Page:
Passenger Rail, Safety, Standards & Regulation, Signalling & Communications

Lack of communication caused mobility hoist scare

Waikanae location map. Graphic: Google Maps

A train which moved with two passengers still aboard its mobility hoist suffered from a lack of communication on several different levels, an investigation has found.

New Zealand’s Transport Accident Investigation Commission (TAIC) recently completed its investigation into the incident, which concerned a KiwiRail Scenic-operated passenger train Capital Connection, travelling from Palmerston North to Wellington.

No-one was injured during the incident.

The train arrived at Waikanae station at 0730 on June 10, 2013. It was fitted with a mobility hoist in the rear-most luggage van for boarding and alighting passengers in wheelchairs.

After stopping, the train manager was monitoring the passenger exchange from the station platform adjacent to the leading passenger car near the front of the train, TAIC’s report said.

When he thought the passenger exchange was complete, he re-entered the leading passenger car and closed all the passenger car doors from the local train door operating panel.

After receiving an ‘all-doors-closed’ green light, the train manager authorised the train driver to depart.

But further down the train, the train attendant had just deployed the mobility hoist onto the platform, and had begun assisting a pair of passengers – one in a wheelchair – off the train.

“As the train attendant deployed the mobility hoist onto the platform, the train manager was radioing the driver and giving him ‘right of way’ to depart,” TAIC said.

“At 0730:09 the train driver moved the throttle to notch 2 and the train started to move, dragging the mobility hoist along the platform with the wheelchair and two passengers still on it.”

The quick-thinking train attendant raised the hoist off the platform, and pressed the train emergency stop button, which stopped the train, having traveled 1.7 metres down the platform.

TAIC found a number of communication issues contributed to the incident.

First, the operation of the mobility hoist that day at Waikanae had not been written into the departure procedure being followed by the train manager.

Second, TAIC found there was no effective means for the train attendant who was operating the mobility hoist to communicate with the train manager.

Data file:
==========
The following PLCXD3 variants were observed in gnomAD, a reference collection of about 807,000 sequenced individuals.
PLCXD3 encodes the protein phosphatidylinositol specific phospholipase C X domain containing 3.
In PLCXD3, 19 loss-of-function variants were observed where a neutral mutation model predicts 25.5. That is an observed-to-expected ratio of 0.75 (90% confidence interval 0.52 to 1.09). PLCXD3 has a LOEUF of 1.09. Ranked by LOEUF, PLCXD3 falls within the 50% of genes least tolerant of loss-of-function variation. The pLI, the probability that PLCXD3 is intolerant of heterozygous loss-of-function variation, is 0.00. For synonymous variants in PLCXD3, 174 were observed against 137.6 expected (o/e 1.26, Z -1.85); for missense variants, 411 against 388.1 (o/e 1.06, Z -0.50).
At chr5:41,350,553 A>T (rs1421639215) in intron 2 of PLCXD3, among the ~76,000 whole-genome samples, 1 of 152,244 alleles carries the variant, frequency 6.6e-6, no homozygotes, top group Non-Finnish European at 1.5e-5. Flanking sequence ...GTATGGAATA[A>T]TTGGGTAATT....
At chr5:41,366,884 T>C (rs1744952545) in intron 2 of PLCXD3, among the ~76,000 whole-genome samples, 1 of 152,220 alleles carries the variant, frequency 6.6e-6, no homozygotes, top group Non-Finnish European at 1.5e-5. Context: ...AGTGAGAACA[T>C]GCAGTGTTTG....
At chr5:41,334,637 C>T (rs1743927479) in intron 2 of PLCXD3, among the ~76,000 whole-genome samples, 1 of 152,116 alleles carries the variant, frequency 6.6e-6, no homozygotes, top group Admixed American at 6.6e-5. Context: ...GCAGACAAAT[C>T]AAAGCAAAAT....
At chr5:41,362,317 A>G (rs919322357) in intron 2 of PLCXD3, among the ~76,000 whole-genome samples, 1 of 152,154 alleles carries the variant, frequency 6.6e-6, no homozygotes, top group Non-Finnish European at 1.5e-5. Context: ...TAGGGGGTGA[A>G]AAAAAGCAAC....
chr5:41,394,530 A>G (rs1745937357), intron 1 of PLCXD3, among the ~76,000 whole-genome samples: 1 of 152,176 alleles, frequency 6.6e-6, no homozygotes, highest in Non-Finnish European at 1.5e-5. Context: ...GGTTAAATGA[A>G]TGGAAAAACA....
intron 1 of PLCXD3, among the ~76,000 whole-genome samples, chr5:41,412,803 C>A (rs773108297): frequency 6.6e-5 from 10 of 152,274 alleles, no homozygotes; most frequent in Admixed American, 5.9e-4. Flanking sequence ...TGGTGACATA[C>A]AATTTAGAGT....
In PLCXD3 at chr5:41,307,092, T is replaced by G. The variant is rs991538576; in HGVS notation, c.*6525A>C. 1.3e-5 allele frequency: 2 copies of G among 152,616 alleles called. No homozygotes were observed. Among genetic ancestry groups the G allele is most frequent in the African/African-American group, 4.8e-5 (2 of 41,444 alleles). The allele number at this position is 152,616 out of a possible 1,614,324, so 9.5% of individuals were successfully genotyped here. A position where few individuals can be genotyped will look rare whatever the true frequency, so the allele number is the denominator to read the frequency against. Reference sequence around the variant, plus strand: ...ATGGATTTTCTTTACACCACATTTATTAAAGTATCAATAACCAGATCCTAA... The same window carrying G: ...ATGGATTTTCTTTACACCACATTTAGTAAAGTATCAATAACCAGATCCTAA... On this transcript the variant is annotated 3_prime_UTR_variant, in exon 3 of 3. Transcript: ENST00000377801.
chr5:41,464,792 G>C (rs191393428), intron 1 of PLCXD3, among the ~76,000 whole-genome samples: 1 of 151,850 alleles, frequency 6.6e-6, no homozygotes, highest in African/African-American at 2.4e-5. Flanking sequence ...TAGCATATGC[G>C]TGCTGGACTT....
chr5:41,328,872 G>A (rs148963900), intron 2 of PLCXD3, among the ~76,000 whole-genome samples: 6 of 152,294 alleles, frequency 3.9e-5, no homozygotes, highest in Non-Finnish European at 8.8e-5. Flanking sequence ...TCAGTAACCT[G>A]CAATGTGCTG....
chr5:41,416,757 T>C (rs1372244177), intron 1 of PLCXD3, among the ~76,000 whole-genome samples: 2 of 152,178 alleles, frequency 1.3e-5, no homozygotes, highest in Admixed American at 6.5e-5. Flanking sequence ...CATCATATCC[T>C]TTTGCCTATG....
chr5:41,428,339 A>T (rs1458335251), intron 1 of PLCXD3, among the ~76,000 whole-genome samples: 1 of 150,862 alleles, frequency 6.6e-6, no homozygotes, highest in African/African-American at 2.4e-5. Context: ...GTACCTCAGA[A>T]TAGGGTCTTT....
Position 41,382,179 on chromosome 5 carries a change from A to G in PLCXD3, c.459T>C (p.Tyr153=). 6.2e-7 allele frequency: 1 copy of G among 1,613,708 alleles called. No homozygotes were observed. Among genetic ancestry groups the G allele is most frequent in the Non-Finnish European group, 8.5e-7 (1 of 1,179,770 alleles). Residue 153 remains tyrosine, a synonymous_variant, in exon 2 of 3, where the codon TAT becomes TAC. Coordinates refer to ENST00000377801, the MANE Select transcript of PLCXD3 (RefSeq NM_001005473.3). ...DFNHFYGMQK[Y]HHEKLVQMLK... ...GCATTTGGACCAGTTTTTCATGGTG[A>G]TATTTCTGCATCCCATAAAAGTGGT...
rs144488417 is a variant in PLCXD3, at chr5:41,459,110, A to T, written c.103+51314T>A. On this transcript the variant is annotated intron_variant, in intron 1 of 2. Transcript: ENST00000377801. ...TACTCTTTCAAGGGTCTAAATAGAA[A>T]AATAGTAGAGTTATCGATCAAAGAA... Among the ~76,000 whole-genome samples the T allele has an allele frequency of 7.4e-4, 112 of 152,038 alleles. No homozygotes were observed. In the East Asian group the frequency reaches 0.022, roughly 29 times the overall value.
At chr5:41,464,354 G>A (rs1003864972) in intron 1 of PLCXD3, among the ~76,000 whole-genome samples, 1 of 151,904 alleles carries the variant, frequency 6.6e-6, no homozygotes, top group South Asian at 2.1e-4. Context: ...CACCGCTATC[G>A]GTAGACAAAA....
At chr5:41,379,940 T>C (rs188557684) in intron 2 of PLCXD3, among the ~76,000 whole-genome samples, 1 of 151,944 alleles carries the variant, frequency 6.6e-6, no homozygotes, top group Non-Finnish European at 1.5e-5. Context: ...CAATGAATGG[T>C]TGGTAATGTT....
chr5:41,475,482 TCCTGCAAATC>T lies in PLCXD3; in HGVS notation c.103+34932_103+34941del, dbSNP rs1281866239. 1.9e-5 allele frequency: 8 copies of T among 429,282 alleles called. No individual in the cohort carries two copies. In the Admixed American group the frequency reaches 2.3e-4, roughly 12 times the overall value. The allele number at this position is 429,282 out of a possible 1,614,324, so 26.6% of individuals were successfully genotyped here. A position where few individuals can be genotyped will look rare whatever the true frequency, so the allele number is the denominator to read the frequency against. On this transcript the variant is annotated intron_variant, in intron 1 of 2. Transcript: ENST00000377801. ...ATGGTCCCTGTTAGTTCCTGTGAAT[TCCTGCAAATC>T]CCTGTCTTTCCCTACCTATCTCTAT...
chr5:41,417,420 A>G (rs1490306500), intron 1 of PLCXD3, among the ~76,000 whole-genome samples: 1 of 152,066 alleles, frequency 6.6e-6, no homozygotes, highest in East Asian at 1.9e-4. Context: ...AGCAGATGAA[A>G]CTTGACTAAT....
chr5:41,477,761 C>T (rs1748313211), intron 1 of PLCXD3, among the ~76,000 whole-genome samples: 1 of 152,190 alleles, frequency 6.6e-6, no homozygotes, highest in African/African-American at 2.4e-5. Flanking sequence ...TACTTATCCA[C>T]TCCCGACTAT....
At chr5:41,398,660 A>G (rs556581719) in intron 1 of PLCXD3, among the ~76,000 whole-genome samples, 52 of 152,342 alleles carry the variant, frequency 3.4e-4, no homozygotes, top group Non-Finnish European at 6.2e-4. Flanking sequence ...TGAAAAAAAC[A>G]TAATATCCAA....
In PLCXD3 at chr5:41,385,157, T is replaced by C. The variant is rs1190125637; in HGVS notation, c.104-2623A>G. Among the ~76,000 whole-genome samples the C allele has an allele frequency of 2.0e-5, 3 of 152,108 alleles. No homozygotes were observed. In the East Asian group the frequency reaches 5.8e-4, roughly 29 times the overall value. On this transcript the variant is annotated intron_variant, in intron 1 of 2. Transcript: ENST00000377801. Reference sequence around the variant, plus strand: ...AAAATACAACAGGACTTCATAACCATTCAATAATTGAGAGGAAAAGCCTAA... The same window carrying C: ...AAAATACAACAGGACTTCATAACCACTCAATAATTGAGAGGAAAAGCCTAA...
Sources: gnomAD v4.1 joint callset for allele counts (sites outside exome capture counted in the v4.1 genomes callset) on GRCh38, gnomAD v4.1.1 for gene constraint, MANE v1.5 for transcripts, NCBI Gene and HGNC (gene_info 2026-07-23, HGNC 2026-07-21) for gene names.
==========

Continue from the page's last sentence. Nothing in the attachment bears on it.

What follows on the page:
And third, the status of the luggage van doors – which feature the mobility hoist – was not interlocked with the train door status and control system, which allowed the train manager to receive a green ‘all-doors-closed’ signal, despite the luggage van door being open and the mobility hoist deployed onto the platform.

In response to the incident, KiwiRail has interfaced the mobility hoist controller to give the train controller a ‘train door open’ signal when it is in use. The operator has ensured the train attendant has radio communications with the train controller. It has fitted the hoist with a high-vis material, and it has added a light above the luggage van door where the wheelchair hoist is located, which will stay illuminated until the door is closed.

Due to KiwiRail’s responsive actions, TAIC had no specific recommendations to the operator following the report. But the Commission did have a number of things to say in terms of key lessons learned through the incident.

“Operational procedures must cover an entire operation if accidents and incidents are to be avoided,” TAIC said.

“Good communication among all persons involved in safety-critical operations is essential if accidents and incidents are to be avoided.”

And, “technical solutions to mitigate human error, such as train door interlocking systems, are only effective if they protect all parts of the system.”

The full report is available on the TAIC website: www.taic.org.nz

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